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Video of crazy windstorm at Jackson Hole Mountain Resort on 3-30-2010
Skiing JH Backcountry 1-19-2011:
My intent with these blogs is to include reports about some of the activities that my wife and I and our friends participate in. Jackson Hole is an incredible place and these reports give me a chance to look back on some of the fun we've had.
Here's some video of a solo skiing outing I did at an area known as Four Pines. Four Pines is two ridges to the south of the Jackson Hole Mountain Resort. It requires a couple of moderate climbs up a boot track. Four Pines is an area that can be subject to very serious avalanche danger, so it's a place that should not be skied without preparation and equipment.
The video was taken with a GoPro helmet video cam that I recently started using. Hopefully, I'll add more video reports as the days go by.
Today may have been one of the most bi-polar days of skiing I've seen at the Jackson Hole Mountain Resort in my nearly 40 years of skiing here. The numbers on the morning ski report sounded pretty good - 8" of new snow in the last 24 hours, 3" since the lifts closed yesterday.
A closer look, however, suggested a little caution. The 6am temperature at the top of Rendezvous Mountain was 21 degrees( F), and the average windspeed was around 35mph. The temperature at the BOTTOM of the ski hill, however, was THIRTY NINE degrees. Not only that, there was nearly 1.5 inches of water equivalent in that 8" of new snow. That implies extremely dense snow.
I went up the early gondola and when we were cleared to ski at about 9:10am, we immediately found a noisy little ice layer on top of the snow. It didn't ski BADLY, exactly, but it sure sounded weird. Got on the Thunder chair and had to knock about 3/4 of an inch of rime/ice off the bars of the chair.
At this point, our expectations for the skiing were very low. Got off Thunder and skied down the edge of Grand to the Sublette chair. Grand was smooth and untracked and we seemed to be above the ice layer. On the way up Sublette, we watched three guys just BLAST down Flip Point and Laramie Bowl and our hopes started to soar. They were skiing on top of what appeared to be a wind-buffed surface that was smooth as creamery butter.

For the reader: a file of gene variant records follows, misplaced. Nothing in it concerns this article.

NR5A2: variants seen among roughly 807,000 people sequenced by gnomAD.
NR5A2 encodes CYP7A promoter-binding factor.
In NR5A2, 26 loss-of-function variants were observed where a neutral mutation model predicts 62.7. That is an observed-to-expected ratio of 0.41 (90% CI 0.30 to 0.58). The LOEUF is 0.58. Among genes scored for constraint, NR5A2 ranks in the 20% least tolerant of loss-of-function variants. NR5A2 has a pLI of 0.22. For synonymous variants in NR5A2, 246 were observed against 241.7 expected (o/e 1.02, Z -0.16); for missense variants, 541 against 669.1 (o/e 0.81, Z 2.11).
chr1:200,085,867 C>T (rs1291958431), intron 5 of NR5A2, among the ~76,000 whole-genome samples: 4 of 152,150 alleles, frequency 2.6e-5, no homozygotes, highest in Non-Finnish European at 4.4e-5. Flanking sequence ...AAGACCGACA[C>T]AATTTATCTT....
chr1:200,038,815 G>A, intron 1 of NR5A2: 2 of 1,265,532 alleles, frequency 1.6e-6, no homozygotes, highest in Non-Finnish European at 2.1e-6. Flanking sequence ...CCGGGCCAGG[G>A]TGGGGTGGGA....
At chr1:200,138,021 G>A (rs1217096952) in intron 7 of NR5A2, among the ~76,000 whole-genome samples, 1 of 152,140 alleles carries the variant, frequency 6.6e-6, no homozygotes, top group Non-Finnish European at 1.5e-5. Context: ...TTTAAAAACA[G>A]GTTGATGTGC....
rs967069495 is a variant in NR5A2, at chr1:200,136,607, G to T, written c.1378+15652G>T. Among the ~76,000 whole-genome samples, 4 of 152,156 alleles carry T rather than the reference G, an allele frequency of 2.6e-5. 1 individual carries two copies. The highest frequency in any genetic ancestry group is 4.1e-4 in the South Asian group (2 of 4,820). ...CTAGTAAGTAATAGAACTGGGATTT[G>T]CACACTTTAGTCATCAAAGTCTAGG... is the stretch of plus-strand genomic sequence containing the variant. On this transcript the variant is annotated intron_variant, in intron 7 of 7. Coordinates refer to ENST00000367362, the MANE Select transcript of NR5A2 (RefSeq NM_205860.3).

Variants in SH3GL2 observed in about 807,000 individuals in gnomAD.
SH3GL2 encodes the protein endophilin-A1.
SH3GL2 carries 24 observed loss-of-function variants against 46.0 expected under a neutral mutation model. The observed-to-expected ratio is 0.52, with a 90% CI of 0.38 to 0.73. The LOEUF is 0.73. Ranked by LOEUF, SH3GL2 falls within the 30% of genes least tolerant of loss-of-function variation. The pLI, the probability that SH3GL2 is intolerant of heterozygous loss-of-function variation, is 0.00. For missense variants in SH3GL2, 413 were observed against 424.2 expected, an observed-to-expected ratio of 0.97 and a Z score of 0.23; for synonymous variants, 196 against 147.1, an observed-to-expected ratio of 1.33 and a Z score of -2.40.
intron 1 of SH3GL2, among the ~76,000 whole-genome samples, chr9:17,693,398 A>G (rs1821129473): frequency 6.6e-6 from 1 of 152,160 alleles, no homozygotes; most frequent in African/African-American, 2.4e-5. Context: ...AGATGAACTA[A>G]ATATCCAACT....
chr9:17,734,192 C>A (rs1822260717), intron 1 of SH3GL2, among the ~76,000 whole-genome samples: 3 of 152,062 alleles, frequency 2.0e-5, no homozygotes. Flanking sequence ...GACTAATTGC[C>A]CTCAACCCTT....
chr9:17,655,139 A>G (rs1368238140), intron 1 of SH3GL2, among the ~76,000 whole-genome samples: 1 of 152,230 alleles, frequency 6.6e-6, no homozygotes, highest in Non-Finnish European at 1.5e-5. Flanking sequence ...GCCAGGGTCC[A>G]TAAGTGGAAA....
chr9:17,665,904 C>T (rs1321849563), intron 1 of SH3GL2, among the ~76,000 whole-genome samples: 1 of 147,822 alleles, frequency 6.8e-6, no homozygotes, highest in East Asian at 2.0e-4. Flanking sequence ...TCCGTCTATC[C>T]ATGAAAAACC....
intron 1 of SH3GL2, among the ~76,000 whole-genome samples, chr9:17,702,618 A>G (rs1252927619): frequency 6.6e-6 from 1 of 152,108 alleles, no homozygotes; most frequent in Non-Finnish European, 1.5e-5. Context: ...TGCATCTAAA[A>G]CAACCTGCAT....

Got off Sublette and flew down Mudslide/Dogface to Flip Point, onto Pepi's Run, and hung a huge left turn into the upper shoulder of Alta Chute #1. All the bumps from the day before had been utterly eradicated by the wind and new snow and we just screamed down A-1 at the highest speed I've ever skied it. Whoa!
Back on Sublette, the clouds parted just a little and we could see over to the Cirque. There wasn't a single track on the main face of the Cirque, so that's where we headed. We came by the ski patrol director on the Cirque Traverse just as he and some of the patrollers were taking down a closed sign. I was the very first member of the public on the high traverse, sidestepping and poling over to the far end of the Cirque over next to Pair-A-Chutes. Dropped in and skied about four Super-G turns all way down the entire face of the Cirque, just skimming over this smooth, dense, flawless surface. It was my best run of the year, in a season that's already been full of great skiing.
After a little side trip into lower Toilet Bowl, we skied down to the base of Thunder chair. There was a big line for the lift, so we decided to traverse over to North Colter Ridge and ski down to the tram. HUGE MISTAKE! North Colter was deep, thick, heavy snow with about a 1/2" ice layer on top. The ice wasn't thick enough to support me on about two-thirds of the turns, so I would alternate between bouncing off clumps of frozen junk and dropping through the crust into a thick sludge that was almost impossible to get back out of. It was easily (by a factor of about ten) the very worst run so far this season.